The petition, jointly filed by a registered union and a federation of trade unions representing app-based transport and delivery workers, and two individual drivers who have worked with Ola Cabs and Uber, alleged that denial of social security like pension and health insurance to them is violation of their right to life and right against forced labour. “The present petition is being filed raising questions of the great public and constitutional importance namely whether the ‘Right to Social Security’ is a guaranteed fundamental right for all working people- whether employed in the formal or informal sectors,” the petition, settled by senior advocate Indira Jaising, said.
“It is the case of the Petitioners herein who are known as gig workers and platform workers that they are in an employment relationship with the aggregators and hence covered by the definition of ‘workman’ within the meaning of all the applicable social security legislations including: The Workmen’s Compensation Act, 1923; The Industrial Disputes Act, 1947; The Employee’s State Insurance Act, 1948; Employee’s Provident Funds and Miscellaneous Provisions Act, 1952; The Maternity Benefit Act, 1961; The Payment of Gratuity Act, 1972 and ‘Unorganised Workers’ Social Welfare Security Act, 2008’,” it said.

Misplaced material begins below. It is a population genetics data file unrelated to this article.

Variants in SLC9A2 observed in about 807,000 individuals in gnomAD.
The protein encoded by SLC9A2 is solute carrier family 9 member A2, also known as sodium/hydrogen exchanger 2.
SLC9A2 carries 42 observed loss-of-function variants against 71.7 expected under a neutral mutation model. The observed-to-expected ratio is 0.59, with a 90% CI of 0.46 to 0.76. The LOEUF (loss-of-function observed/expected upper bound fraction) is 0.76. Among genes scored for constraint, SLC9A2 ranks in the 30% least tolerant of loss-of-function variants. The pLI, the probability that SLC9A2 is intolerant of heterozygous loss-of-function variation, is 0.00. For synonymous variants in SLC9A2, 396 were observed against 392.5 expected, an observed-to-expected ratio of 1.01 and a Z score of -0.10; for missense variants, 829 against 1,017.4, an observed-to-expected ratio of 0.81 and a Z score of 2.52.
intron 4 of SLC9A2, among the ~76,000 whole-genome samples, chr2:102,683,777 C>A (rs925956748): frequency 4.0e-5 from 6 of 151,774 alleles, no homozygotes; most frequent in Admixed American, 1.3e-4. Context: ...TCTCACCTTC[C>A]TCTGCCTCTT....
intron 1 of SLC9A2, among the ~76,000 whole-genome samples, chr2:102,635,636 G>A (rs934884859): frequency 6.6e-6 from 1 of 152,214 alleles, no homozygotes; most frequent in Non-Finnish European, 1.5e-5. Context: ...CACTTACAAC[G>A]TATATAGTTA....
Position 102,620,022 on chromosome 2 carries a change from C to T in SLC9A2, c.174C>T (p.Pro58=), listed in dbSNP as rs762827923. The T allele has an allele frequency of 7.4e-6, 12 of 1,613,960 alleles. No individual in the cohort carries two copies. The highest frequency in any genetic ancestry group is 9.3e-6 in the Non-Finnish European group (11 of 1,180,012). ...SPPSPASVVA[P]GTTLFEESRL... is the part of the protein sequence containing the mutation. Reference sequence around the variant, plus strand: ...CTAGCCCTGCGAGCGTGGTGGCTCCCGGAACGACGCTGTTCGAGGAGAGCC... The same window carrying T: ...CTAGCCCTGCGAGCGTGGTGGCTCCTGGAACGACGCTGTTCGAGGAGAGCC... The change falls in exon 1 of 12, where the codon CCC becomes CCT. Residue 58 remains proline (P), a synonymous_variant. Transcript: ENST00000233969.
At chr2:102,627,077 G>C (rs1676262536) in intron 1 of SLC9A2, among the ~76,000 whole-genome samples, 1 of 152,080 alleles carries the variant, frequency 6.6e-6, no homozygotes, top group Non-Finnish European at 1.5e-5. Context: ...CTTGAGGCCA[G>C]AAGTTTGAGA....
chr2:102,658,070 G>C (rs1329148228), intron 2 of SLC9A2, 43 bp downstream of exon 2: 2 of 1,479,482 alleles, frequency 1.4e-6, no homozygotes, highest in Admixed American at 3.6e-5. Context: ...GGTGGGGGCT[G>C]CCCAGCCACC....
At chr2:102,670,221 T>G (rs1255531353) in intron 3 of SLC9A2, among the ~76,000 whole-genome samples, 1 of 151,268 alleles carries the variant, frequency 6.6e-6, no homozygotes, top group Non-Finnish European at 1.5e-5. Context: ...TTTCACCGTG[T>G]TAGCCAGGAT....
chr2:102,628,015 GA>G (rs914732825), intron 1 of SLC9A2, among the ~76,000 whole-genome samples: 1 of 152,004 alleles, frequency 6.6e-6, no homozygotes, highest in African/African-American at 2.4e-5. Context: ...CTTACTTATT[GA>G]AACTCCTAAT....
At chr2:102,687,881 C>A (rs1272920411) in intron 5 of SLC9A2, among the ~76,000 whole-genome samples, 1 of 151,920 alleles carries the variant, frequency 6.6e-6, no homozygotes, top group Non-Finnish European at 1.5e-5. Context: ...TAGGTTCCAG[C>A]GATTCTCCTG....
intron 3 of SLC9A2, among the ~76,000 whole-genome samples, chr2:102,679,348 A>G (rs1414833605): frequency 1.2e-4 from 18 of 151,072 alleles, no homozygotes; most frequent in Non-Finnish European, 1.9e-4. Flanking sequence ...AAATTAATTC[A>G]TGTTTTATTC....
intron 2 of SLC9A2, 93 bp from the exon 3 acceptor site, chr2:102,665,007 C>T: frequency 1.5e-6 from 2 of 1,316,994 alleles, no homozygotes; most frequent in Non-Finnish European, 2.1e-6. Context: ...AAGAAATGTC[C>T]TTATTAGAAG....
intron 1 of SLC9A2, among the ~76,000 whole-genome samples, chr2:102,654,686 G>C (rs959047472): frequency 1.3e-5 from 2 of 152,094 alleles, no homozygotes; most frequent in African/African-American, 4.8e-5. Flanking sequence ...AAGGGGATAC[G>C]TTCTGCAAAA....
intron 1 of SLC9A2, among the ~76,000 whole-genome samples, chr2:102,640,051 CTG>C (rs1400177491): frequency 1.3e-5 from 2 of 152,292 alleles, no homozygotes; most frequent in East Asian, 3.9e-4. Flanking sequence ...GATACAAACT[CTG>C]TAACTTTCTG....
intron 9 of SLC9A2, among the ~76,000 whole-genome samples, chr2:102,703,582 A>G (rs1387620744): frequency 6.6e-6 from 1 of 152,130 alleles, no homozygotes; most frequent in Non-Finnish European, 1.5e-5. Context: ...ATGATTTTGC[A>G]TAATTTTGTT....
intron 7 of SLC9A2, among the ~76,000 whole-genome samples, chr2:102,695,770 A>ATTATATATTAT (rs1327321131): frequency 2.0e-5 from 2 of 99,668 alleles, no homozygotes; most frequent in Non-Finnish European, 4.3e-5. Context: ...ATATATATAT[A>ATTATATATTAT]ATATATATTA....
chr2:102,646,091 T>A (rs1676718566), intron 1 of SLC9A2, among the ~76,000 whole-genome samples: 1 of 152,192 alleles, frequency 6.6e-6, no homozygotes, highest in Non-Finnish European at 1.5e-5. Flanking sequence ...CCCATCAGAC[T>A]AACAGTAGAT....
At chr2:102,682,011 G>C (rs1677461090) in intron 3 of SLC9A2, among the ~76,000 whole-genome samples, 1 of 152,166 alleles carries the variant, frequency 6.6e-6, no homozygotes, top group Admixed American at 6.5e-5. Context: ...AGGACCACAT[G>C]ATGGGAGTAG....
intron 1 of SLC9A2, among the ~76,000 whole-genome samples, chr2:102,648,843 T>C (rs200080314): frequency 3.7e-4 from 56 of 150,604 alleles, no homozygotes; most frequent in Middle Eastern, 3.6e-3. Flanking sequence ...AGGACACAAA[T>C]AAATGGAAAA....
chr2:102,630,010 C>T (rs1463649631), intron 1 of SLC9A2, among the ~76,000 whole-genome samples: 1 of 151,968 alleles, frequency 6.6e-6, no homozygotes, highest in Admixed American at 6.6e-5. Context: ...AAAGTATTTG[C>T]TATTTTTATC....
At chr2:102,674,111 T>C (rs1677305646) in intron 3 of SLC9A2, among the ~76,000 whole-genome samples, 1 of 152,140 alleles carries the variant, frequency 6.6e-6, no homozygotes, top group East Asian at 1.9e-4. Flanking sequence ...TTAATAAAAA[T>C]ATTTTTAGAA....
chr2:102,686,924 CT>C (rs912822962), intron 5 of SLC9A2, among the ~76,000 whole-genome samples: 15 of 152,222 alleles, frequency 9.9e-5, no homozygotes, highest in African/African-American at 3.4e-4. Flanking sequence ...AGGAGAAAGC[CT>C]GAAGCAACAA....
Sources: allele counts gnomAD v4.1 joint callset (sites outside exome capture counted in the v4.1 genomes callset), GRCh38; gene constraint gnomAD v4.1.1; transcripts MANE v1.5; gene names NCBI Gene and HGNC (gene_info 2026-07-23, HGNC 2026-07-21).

The petition seeking SC’s direction to Centre said the mere fact that their employers call themselves “aggregators” and enter into so-called “partnership agreements” does not take away from the fact that there exists a relationship of employer and employee between them “At present these workers are not being provided the benefit of social security under any of the labour legislations. This defeats the very purpose of the social- welfare legislations, which seek to ensure social security-a facet the right to work and livelihood on decent conditions of work under Article 21 of the Constitution,” it said.
“These legislations have been enacted pursuant to the Directive Principles of State Policy with a view to ensuring basic human dignity to the workers. The inaction on part of the State in ensuring social security to the “gig workers” and “platform workers” notwithstanding the existence of the said laws, is the clearest violation of Article 21 apart from a violation of Article 14 and Article 23 of the Constitution.



Source link

Continue Reading

Trending

Copyright © 2019 Gigger.news.